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He’s not having as strong a season with the bat as he did last year, when he led the AL in total bases (359) while collecting 42 doubles and 31 homers from among his 214 hits, but Betts is still a significant offensive threat as well as an elite defender. He's got 18 home runs and he’s on track to top 30 Defensive Runs Saved for the second year in a row (32 last year, 28 so far this year).

Total players: 31

Honorable mention: Dustin Pedroia, Jose Ramirez

Stephen Brashear/Getty Images

After a pair of subpar seasons in Milwaukee—overshadowed by the death of his nine-month-old son in 2014—Segura has reemerged as an offensive force in stops at Arizona and Seattle. Thanks to a reworked swing, he has a .315 batting average and is vying for his second straight top-five finish in that category. He's battled injuries this year but has resumed his solid play at shortstop after spending most of 2016 at second base. 

Total players: 78

Honorable mention: Jackie Bradley Jr. 

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In a tight four-way race, one can make cases for Rangers third baseman Adrian Beltre, Twins second baseman Brian Dozier and Indians shortstop Francisco Lindor here, but of that quartet, only Turner is outdoing a strong 2016 season. After qualifying for the batting title for the first time at age 31 last year, the raking redhead leads the NL batting race (.346) and is running second in on-base percentage (.432), fourth in OPS+ (163), seventh in WAR (4.8) and 10th in slugging percentage (.573)—a performance that made him a first-time All-Star last month.

Total players: 106

Honorable mention: Adrian Beltre, Brian Dozier, Francisco Lindor

Stephen Brashear/Getty Images

None of the top choices at this position are having exceptional seasons, but the 34-year-old Cano was an All-Star (the game's MVP, in fact) and he remains on a Hall of Fame path both by traditional and advanced metrics. He's 170 hits and three homers away from joining Rogers Hornsby as the only second basemen with 2,500 hits and 300 homers, and he now ranks eighth at the position in JAWS, with a seven-year peak of 50.3 that is seventh all-time and six wins above the average Hall second baseman.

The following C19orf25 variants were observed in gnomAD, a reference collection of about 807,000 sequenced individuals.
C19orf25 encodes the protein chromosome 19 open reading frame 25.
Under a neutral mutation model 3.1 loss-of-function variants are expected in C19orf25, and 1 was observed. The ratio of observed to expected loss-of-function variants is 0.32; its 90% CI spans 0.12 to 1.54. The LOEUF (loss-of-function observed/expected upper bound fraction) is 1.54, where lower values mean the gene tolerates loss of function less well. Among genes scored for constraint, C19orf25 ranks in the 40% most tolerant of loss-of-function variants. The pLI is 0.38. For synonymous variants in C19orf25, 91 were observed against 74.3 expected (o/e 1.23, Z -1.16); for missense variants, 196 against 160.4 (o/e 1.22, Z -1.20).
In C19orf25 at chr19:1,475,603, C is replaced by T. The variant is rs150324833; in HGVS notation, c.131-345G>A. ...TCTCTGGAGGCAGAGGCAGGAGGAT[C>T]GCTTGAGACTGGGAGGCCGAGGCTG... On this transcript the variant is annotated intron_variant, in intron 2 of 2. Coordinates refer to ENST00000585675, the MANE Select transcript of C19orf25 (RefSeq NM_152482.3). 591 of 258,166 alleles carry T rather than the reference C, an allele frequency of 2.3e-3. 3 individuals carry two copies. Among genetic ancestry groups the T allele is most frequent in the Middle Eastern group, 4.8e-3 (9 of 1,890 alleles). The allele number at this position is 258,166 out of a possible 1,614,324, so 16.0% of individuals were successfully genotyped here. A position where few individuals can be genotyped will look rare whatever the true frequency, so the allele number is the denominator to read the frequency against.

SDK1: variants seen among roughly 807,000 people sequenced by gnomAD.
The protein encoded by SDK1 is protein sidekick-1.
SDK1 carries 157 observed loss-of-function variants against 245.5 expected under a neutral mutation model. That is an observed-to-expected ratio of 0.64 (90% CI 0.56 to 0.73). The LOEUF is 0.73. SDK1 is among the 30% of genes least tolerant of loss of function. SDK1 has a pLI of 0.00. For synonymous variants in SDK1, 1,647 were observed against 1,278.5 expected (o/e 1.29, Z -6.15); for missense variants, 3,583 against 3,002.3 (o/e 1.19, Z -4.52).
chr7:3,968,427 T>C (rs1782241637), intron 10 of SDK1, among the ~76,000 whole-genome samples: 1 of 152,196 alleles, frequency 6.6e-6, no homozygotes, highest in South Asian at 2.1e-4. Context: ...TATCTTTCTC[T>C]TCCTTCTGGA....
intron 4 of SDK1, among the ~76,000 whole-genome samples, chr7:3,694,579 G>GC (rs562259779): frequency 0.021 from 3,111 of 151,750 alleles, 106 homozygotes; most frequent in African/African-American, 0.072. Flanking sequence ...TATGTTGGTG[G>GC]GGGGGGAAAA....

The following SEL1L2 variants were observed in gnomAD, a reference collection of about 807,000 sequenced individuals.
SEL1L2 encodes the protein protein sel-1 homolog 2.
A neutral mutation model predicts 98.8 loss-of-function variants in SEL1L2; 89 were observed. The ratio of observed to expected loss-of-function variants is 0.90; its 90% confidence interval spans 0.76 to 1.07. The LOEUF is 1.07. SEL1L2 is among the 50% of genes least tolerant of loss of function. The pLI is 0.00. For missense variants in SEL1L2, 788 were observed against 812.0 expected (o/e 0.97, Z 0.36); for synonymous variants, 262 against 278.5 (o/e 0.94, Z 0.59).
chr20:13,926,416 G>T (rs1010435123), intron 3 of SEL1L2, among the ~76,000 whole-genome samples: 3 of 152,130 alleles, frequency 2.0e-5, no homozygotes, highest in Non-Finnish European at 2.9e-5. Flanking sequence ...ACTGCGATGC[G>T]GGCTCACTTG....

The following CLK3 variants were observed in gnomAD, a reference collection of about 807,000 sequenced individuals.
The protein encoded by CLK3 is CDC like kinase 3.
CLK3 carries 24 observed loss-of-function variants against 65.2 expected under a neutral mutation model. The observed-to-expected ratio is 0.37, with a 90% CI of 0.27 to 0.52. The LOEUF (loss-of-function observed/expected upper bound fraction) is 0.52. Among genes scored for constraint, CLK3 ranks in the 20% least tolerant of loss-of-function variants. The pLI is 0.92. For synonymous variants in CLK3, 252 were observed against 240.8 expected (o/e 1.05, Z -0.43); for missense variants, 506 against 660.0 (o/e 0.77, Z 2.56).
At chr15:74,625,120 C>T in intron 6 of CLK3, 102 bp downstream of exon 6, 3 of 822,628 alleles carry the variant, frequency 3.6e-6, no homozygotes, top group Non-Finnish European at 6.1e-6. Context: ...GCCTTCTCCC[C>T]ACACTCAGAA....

Total players: 210

Honorable mention: Kyle Seager, Ian Kinsler, Carlos Martinez 

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Renowned as much for his pitch framing as for his high-average, high on-base offense, Posey is game's best two-way catcher, and here he gets the nod over Blue Jays third baseman Josh Donaldson, another former MVP. Posey's .406 on-base percentage this year ranks sixth in the league and is his best mark since 2012, the year he won the NL batting title and MVP award, while his 134 OPS+ is his best since 2014.

Total players: 247

Honorable mention: Josh Donaldson, Anthony Rendon, Jose Quintana

Tom Szczerbowski/Getty Images

It figures that the best player on the planet would rate as the best of his height, right? A torn ligament in his left thumb that cost him six weeks is likely to prevent the just-turned-26-year-old Trout from leading the AL in WAR for the sixth straight season, but his offensive rate stats (.341/.468/.690, 211 OPS+) are career bests. In fact, he'd be leading the league in OBP and slugging if he weren't 40 plate appearances short of qualifying. Trout is already blazing a trail toward Cooperstown. His 53.6 WAR over five full seasons and two partial ones exceeds the seven-year WAR peak score of the average Hall of Fame centerfielder (44.6) and has been surpassed by just five of the 19 enshrinees.